New research led by the University of East Anglia in collaboration with University College London has found that a large proportion of UK healthcare workers may have already been infected with Covid-19.

The findings come after research published in The Lancet Microbe found high prevalence of anosmia (loss of smell) cases among healthcare workers between mid-February and mid-April. The UEA researchers asked 262 healthcare workers at London’s Barts Health NHS Trust in the week April 17-23.

At the time of the questionnaire, anosmia was not yet listed as an official symptom and Covid-19 testing among NHS workers was still limited to those displaying symptoms of a new continuous cough and/or a high temperature (>37.8°C) as per national guidance.

Senior Author Professor Carl Philpott, from UEA’s Norwich Medical School, explained the need for the research conducted commenting that: “Smell loss as a symptom of Covid-19 is particularly important for healthcare professionals because they are at the frontline of pandemic – and at high risk of both contracting and spreading the virus.” Professor Philpott added that through the research they wanted to find out how widespread smell loss has been among healthcare workers. 

The questionnaires found that, 73 (27.9 per cent) of the participants had been tested for Covid-19, with 56 of these (76.7 per cent) confirmed positive.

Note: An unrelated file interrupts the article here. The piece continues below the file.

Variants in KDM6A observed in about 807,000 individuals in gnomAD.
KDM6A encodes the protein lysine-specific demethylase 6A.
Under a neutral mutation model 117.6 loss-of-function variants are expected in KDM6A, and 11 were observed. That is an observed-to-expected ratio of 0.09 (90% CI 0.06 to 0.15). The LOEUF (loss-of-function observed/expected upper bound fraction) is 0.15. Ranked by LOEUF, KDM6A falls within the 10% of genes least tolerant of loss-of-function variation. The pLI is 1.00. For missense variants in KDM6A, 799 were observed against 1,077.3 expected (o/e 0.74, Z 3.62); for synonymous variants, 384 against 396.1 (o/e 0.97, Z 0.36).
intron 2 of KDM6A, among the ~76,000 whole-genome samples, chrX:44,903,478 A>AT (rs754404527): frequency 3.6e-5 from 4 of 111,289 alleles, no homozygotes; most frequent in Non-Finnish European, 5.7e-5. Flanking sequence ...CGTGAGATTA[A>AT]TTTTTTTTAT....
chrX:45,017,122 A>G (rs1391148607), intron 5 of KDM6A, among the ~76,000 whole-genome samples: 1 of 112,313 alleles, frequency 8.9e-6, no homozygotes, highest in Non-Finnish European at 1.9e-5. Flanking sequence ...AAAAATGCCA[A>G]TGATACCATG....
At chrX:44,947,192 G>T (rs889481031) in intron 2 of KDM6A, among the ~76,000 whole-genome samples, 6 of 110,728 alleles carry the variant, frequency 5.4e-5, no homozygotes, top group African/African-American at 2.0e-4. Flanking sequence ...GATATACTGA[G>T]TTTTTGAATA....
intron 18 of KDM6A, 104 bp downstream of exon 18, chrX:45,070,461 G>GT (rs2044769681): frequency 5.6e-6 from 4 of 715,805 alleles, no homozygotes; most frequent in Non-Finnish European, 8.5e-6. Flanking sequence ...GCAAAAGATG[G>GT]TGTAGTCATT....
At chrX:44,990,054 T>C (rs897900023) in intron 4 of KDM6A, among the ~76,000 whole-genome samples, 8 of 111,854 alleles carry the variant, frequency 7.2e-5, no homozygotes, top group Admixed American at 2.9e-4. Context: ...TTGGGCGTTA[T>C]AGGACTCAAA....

“The really interesting thing that we found was that 168 of the participants – nearly two thirds – said that they had lost their sense of smell or taste at some point between mid-February and mid-April.” Said Professor Philpot.  Alluding to the fact that there was a, “strong association between smell loss and the positive Covid-19 test results, with those who had lost their sense of smell being almost five times more likely to test positive.” Professor Philpot expects to see similar results from other NHS trusts.

The lack of acknowledgement for those suffering with anosmia symptoms of Covid-19 and still being allowed to work without the need of self isolation is: “really important because healthcare professionals are at the frontline of the pandemic and are at high risk of both contracting and spreading coronavirus.”

The study also involved a follow-up survey in May, in which 47 per cent of respondents reported that their sense of smell and taste had completely recovered. A further 42 per cent said they had partially recovered their sense of smell and taste, but just over 7 per cent still suffered anosmia. 

The survey has also been running in two Norfolk hospitals and in a further two hospitals in the North West, with the responses of over 1,000 healthcare workers due to be published soon.